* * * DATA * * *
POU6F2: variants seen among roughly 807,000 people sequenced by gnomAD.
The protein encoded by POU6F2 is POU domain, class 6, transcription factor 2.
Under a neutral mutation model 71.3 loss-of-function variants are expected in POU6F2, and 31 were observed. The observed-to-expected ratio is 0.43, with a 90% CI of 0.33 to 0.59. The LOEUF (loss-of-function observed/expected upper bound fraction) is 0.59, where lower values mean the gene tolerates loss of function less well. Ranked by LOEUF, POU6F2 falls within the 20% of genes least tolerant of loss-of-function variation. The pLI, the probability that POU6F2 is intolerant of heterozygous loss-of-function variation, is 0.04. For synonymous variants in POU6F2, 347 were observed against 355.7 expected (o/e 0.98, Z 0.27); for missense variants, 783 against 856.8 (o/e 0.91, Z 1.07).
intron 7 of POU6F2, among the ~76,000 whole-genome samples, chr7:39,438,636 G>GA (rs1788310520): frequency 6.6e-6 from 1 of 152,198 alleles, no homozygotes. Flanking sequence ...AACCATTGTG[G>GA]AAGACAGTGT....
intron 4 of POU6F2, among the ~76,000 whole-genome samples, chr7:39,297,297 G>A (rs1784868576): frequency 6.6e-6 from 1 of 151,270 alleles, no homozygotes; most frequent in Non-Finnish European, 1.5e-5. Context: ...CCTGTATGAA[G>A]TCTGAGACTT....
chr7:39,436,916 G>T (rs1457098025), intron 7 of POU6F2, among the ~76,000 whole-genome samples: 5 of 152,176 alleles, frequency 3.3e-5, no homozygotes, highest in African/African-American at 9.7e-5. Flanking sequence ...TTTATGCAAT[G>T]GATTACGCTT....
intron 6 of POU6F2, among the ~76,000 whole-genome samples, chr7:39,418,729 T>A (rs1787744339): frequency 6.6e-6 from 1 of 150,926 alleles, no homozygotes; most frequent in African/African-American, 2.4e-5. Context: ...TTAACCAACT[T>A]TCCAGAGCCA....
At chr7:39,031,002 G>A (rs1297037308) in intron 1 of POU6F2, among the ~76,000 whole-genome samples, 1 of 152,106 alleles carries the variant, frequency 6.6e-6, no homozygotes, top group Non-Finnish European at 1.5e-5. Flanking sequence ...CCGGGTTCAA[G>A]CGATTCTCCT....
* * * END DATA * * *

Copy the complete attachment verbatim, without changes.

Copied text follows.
POU6F2: variants seen among roughly 807,000 people sequenced by gnomAD.
The protein encoded by POU6F2 is POU domain, class 6, transcription factor 2.
Under a neutral mutation model 71.3 loss-of-function variants are expected in POU6F2, and 31 were observed. The observed-to-expected ratio is 0.43, with a 90% CI of 0.33 to 0.59. The LOEUF (loss-of-function observed/expected upper bound fraction) is 0.59, where lower values mean the gene tolerates loss of function less well. Ranked by LOEUF, POU6F2 falls within the 20% of genes least tolerant of loss-of-function variation. The pLI, the probability that POU6F2 is intolerant of heterozygous loss-of-function variation, is 0.04. For synonymous variants in POU6F2, 347 were observed against 355.7 expected (o/e 0.98, Z 0.27); for missense variants, 783 against 856.8 (o/e 0.91, Z 1.07).
intron 7 of POU6F2, among the ~76,000 whole-genome samples, chr7:39,438,636 G>GA (rs1788310520): frequency 6.6e-6 from 1 of 152,198 alleles, no homozygotes. Flanking sequence ...AACCATTGTG[G>GA]AAGACAGTGT....
intron 4 of POU6F2, among the ~76,000 whole-genome samples, chr7:39,297,297 G>A (rs1784868576): frequency 6.6e-6 from 1 of 151,270 alleles, no homozygotes; most frequent in Non-Finnish European, 1.5e-5. Context: ...CCTGTATGAA[G>A]TCTGAGACTT....
chr7:39,436,916 G>T (rs1457098025), intron 7 of POU6F2, among the ~76,000 whole-genome samples: 5 of 152,176 alleles, frequency 3.3e-5, no homozygotes, highest in African/African-American at 9.7e-5. Flanking sequence ...TTTATGCAAT[G>T]GATTACGCTT....
intron 6 of POU6F2, among the ~76,000 whole-genome samples, chr7:39,418,729 T>A (rs1787744339): frequency 6.6e-6 from 1 of 150,926 alleles, no homozygotes; most frequent in African/African-American, 2.4e-5. Context: ...TTAACCAACT[T>A]TCCAGAGCCA....
At chr7:39,031,002 G>A (rs1297037308) in intron 1 of POU6F2, among the ~76,000 whole-genome samples, 1 of 152,106 alleles carries the variant, frequency 6.6e-6, no homozygotes, top group Non-Finnish European at 1.5e-5. Flanking sequence ...CCGGGTTCAA[G>A]CGATTCTCCT....